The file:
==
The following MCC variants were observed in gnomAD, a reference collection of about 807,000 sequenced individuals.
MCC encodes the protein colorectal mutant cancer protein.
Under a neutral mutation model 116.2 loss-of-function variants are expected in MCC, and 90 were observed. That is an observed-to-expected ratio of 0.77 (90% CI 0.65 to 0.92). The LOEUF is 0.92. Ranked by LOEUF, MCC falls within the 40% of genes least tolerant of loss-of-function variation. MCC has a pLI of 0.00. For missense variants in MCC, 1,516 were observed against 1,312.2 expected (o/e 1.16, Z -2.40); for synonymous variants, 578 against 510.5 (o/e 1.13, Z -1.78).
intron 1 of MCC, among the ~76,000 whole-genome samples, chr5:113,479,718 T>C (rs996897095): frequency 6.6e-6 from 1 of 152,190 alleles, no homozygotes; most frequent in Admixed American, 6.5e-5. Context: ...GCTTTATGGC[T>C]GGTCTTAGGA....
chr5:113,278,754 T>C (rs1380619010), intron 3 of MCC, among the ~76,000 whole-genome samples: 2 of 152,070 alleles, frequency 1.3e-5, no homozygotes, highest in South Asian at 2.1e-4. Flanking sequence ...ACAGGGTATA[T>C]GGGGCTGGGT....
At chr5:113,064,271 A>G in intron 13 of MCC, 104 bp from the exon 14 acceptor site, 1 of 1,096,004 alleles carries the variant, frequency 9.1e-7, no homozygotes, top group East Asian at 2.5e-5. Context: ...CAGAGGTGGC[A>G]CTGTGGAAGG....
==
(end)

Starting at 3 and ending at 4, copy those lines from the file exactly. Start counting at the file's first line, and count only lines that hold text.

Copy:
Under a neutral mutation model 116.2 loss-of-function variants are expected in MCC, and 90 were observed. That is an observed-to-expected ratio of 0.77 (90% CI 0.65 to 0.92). The LOEUF is 0.92. Ranked by LOEUF, MCC falls within the 40% of genes least tolerant of loss-of-function variation. MCC has a pLI of 0.00. For missense variants in MCC, 1,516 were observed against 1,312.2 expected (o/e 1.16, Z -2.40); for synonymous variants, 578 against 510.5 (o/e 1.13, Z -1.78).
intron 1 of MCC, among the ~76,000 whole-genome samples, chr5:113,479,718 T>C (rs996897095): frequency 6.6e-6 from 1 of 152,190 alleles, no homozygotes; most frequent in Admixed American, 6.5e-5. Context: ...GCTTTATGGC[T>C]GGTCTTAGGA....